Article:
I will try to answer this without diagrams.
Light from an illuminated object leaves every point on the surface, spreading outwards in straight lines. For you to see the object, the divergent rays of light need to be brought back together so that they land on your retina in such a way that their relative locations on your retina match the relative locations of the points from which they left the object.
If the object is a pink circle, say, then the diverging light rays from each point on the circumference of the circle need to be brought back together to land in a corresponding circular pattern on your retina. Your brain interprets the signals from the retina as an image of the object.
The simplest way to do this is if the light rays travel directly from the object to your eye, and the lens of your eye bends the diverging rays so they land in the right pattern on your retina.
However, there are other ways to manipulate the light rays so that they can arrive at the lens of your eye and be bent to form an image on your retina.
One way is to insert a concave lens between the object and your eye. The lens simply increases the divergence of the rays. Your eye can still bend them to fall on your retina. This tricks your brain somewhat, since the bending of the light by the concave lens makes the light rays appear to have come from a point between the object and the concave lens.
Another way is to use a convex lens. This bends the light rays so that they converge to a point and then spread out again before reaching your eye, where your eye's lens bends them again to focus on the retina. This tricks your brain in a different way, since the brain now interprets the light rays as having come from the point where they were converged by the convex lens.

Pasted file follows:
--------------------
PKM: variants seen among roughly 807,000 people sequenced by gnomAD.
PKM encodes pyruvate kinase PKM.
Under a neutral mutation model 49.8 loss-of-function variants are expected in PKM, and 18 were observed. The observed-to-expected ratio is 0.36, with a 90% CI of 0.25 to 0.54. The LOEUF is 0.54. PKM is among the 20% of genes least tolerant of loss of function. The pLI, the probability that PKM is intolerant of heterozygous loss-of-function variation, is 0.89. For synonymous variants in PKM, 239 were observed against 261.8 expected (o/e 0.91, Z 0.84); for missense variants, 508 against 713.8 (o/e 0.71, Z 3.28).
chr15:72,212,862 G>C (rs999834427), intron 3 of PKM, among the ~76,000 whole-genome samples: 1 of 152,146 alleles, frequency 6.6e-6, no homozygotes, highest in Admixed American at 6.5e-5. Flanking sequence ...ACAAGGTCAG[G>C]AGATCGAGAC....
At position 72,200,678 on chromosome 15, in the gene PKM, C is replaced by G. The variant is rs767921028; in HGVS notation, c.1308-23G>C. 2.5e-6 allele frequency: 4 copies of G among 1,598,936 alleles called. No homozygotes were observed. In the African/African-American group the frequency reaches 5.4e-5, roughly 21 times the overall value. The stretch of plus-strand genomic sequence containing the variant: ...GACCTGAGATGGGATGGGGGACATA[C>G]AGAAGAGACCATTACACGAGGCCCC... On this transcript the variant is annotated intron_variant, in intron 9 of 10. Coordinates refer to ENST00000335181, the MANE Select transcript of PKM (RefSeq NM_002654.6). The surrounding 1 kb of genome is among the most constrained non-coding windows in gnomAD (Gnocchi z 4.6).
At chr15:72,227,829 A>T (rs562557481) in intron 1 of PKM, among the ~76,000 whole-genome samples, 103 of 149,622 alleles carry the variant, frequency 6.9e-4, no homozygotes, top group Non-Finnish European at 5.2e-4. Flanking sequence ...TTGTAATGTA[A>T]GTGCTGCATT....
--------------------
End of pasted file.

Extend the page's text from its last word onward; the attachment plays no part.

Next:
In all the cases I have described, what you actually see is an image on your retina. That can be:
1: light coming directly from the object itself, being bent for the first time by your eye.
2: Light appearing to come from a point between the object and an intervening concave lens.
3: Light appearing to come from a point between a convex lens and your eye.
In 3, we say that a real image is formed by the convex lens. What we mean by that is that the lens bends the rays of light so that they converge in such a way that their spatial arrangement corresponds to the relative positions of the points at which they left the object.
In 2, we say that a virtual image has been formed, because if you trace the rays backwards, they appear to have come from a source that again resembles the original object, although that is just an illusion.
The reason why convergence, or apparent convergence in the case of a virtual image, is important, is that your brain seems to interpret images by in effect tracing back along the path of the light rays to their source. When you see a pink circle what you are seeing is the collection of points from which the light rays hitting your retina appear to have originated. If the light rays are made to converge to a point and re-diverge by a convex lens placed in from of the object, then to your brain it seems that the rays originated from that intermediate point of convergence, so that is what your brain 'sees'.